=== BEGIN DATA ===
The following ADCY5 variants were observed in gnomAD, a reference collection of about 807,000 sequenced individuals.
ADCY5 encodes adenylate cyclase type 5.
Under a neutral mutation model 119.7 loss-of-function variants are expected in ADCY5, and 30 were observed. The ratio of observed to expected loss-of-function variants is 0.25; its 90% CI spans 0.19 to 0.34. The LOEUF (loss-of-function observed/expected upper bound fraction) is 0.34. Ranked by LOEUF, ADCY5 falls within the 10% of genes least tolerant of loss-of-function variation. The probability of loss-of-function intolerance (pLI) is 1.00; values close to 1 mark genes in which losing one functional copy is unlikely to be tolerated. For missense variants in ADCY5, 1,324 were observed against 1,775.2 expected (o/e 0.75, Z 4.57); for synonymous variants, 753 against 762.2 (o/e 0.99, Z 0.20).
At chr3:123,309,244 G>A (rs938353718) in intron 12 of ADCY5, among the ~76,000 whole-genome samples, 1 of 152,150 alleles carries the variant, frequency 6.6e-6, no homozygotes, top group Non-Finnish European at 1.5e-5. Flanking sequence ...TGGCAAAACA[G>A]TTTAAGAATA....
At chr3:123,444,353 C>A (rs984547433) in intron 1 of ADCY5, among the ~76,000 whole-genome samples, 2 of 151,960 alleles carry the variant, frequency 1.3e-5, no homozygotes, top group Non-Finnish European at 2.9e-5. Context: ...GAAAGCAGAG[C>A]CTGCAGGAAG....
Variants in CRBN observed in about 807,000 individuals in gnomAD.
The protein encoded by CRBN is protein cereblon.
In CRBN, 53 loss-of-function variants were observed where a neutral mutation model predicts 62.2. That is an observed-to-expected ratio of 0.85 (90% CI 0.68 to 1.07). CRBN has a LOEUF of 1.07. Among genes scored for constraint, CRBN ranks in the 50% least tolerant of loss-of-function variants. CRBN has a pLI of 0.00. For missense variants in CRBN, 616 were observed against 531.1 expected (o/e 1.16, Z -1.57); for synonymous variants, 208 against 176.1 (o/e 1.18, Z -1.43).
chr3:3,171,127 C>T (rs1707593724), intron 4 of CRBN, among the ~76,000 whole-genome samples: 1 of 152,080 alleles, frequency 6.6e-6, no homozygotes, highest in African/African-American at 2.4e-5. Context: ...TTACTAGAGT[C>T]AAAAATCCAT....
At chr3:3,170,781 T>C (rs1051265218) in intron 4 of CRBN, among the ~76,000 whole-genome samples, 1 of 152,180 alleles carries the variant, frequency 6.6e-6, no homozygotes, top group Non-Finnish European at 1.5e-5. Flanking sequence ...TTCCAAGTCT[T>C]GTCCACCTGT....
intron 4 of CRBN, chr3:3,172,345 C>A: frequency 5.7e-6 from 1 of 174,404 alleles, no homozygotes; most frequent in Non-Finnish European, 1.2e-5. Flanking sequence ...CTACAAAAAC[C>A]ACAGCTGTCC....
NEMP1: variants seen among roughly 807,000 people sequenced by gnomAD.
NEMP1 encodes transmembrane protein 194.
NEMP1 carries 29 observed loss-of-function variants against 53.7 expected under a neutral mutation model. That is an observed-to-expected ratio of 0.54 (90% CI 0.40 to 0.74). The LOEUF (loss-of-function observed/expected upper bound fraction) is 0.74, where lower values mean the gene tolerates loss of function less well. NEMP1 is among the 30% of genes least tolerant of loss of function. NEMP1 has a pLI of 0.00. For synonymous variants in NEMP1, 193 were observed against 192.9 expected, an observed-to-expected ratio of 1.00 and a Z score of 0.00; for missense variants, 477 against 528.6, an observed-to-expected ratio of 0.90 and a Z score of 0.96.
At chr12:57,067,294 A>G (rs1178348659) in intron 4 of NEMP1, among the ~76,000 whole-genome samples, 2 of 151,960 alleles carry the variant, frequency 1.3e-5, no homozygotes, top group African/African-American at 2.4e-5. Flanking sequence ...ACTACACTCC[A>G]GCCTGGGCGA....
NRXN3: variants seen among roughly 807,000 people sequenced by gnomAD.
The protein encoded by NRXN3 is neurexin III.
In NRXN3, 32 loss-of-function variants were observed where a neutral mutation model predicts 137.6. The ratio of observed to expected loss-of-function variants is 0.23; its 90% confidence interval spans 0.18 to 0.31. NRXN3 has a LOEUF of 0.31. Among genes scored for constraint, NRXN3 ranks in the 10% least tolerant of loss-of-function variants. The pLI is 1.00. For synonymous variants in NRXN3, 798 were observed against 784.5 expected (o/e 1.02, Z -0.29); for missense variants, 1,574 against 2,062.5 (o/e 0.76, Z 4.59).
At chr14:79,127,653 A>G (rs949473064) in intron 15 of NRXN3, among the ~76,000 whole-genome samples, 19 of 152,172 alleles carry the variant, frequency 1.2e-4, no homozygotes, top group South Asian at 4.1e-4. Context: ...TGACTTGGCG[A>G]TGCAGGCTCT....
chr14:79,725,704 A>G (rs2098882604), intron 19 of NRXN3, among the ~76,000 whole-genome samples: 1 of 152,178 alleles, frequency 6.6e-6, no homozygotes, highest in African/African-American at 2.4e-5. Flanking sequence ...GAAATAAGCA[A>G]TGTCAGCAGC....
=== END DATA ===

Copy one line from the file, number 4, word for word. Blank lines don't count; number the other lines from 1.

At chr3:123,309,244 G>A (rs938353718) in intron 12 of ADCY5, among the ~76,000 whole-genome samples, 1 of 152,150 alleles carries the variant, frequency 6.6e-6, no homozygotes, top group Non-Finnish European at 1.5e-5. Flanking sequence ...TGGCAAAACA[G>A]TTTAAGAATA....